How to do Business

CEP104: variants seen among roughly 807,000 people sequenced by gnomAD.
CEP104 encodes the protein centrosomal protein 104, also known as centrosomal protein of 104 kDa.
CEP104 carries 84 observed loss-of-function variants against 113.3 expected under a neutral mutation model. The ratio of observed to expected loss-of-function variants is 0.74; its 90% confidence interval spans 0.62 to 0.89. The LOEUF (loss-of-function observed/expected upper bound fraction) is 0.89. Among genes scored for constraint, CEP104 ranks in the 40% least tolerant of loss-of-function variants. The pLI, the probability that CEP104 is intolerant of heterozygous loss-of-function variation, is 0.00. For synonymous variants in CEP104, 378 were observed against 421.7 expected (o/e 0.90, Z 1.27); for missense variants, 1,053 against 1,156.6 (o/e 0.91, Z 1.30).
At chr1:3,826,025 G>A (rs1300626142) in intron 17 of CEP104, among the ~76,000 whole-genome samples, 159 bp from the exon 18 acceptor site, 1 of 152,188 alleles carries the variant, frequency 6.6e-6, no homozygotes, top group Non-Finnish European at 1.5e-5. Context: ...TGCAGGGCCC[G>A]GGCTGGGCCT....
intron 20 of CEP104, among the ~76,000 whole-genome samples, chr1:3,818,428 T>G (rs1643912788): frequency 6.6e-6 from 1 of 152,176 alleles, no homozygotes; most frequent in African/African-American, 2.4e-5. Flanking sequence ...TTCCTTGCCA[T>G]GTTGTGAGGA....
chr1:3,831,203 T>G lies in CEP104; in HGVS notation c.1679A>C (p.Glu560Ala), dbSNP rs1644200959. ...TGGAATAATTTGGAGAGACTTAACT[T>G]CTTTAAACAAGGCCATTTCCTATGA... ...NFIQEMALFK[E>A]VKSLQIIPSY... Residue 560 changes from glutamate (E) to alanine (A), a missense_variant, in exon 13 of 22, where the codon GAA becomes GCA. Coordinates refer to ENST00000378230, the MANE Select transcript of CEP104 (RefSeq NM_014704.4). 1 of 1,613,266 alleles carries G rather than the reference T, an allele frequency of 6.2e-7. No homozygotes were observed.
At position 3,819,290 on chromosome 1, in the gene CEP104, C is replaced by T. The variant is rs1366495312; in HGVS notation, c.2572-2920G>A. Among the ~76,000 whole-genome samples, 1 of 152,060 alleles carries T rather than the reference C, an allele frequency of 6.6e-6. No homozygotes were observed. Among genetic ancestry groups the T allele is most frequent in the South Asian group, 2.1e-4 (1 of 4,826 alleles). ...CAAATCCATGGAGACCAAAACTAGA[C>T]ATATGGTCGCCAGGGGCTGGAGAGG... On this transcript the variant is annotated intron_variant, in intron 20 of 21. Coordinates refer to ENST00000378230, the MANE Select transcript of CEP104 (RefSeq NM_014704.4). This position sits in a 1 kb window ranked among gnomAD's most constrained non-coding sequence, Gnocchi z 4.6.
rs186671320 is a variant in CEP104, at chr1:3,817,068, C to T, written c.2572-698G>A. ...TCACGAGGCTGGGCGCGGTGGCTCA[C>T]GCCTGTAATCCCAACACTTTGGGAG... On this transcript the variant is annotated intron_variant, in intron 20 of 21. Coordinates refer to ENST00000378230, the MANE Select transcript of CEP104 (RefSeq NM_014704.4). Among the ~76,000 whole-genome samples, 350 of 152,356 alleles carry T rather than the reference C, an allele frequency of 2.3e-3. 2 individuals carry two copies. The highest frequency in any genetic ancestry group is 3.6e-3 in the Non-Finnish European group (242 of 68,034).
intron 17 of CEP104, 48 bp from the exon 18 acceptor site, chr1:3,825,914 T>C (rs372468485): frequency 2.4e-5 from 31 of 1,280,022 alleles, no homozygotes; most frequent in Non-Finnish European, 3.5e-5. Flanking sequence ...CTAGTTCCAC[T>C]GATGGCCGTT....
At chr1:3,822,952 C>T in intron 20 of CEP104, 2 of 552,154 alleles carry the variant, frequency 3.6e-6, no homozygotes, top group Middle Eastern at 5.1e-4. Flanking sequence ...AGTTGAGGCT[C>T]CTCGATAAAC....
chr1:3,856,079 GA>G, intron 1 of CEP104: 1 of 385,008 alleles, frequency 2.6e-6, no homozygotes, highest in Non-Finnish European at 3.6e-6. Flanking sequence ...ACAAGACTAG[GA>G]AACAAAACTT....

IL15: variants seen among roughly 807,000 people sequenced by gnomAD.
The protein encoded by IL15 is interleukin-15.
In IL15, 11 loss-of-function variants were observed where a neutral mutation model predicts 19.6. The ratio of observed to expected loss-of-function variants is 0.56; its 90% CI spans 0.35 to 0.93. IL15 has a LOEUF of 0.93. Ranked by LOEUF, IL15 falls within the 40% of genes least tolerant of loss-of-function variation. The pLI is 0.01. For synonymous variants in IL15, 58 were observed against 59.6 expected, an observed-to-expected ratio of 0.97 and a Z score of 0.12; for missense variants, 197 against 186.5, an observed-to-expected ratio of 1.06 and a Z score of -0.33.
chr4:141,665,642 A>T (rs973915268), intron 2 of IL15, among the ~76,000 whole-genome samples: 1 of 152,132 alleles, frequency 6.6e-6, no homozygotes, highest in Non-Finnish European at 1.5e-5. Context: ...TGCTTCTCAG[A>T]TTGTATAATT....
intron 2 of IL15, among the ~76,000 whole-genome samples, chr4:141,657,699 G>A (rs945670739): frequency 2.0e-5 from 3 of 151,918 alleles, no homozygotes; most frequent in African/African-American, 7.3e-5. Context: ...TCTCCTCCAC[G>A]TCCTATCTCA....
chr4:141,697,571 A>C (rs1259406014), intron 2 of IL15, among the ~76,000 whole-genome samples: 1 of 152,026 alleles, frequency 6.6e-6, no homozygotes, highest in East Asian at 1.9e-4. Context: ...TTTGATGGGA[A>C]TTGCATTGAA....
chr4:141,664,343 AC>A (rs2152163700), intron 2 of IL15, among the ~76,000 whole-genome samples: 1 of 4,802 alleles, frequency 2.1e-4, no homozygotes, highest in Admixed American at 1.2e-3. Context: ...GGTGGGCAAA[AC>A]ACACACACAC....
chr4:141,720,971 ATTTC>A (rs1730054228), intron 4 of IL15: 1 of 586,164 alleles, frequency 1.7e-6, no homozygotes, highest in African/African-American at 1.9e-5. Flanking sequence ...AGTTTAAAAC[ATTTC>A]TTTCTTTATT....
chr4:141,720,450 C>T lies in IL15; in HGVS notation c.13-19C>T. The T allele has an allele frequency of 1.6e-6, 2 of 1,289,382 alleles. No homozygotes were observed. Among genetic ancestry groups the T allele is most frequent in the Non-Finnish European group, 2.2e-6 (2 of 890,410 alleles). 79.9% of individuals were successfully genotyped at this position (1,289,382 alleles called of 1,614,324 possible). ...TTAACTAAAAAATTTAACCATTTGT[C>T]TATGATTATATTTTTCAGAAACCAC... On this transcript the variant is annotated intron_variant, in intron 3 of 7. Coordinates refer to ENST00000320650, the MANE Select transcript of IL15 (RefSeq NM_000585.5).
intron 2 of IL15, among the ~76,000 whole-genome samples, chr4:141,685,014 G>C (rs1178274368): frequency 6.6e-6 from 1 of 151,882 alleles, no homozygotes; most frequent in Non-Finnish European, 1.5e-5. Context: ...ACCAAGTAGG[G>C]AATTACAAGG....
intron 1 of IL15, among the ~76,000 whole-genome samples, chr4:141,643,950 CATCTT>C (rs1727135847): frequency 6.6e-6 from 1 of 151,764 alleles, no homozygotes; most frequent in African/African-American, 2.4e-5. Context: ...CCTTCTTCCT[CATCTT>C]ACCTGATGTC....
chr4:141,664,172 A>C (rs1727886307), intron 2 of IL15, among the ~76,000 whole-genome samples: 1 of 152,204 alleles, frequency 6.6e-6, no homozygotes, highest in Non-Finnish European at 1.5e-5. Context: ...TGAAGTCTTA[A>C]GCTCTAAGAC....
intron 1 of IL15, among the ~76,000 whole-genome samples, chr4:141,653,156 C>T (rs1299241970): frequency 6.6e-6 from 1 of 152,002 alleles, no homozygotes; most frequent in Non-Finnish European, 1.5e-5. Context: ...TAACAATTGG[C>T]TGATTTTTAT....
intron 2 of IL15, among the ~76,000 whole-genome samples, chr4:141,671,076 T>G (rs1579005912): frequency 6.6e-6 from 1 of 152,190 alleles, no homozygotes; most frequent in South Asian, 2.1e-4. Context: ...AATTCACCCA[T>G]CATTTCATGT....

Hi Welcome to the How to do Business Club What do you mean how to do business? Isn’t it obvious? Well apparently not. We have two models of business really – the Gorilla’s game and the Monkey’s Game to borrow the terms coined by Geoffrey Moore in “Inside the Tornado”. The Gorilla seeks to dominate its niche, slim down its supply chain till it’s overly lean and own the rights to an area of human life. Like Tesco with Groceries, Microsoft with software and Monsanto with the world food supply. Alas this approach leads to unstable monocultures, tends to be overly dependent on cheap oil, treats people and suppliers as commodities and ultimately starts to subvert democratic process by “owning” the advice that governments get. Because it can. It’s not necessarily a conspiracy – it’s just what happens when the invisible hand grows to become a clunking fist. In the monkey’s world things tend to be more civilised – we depend on our reputation for knowing our stuff, delivering what we say and being courteous to deal with. Success depends on reciprocity – behaving like a grown up. In the other world success often depends on using your T’s and C’s to play Gotcha! with your customers. Punitive bank charges for being 30 seconds late. Insurance companies finding ways to avoid paying out. £8 charge for using a debit card etc. The reality is that if you’re reading this you’re almost certainly a monkey – unless you’re a Gorilla that wants to understand how monkeys tick. You may want to know what the rules of engagement are to sell whatever you produce into the Gorilla’s world but unless you’re going to create something that a Gorilla wants and then sell it to him you’re going to stay in the Monkey’s World. So How to do Business is really about sustainability. If you want people to perform either as customers, staff or suppliers treat them like grown-ups. It really is that fundamental. Obviously you have to have a product that people want to buy, promote it properly and deliver it through well designed robust systems. And you need to be always trying to remove cost but add quality and value into your business model. Putting all these things together into an elegant business with just enough structure to function (with enough redundancy to allow resilience) is what allows you to build a sustainable, resilient business which in the words of Emily Durrant will produce “lots of apples (or whatever) at a reasonable profit for a long time” I’ve been working on this for a long time through practice in our own businesses, through research and through developing training programmes for ICT companies and the government. If this is what you want to build I can help you. Join the club and let’s see what we can do together. Welcome Aboard Alan Latest club messages: *club_messages* Click here to edit it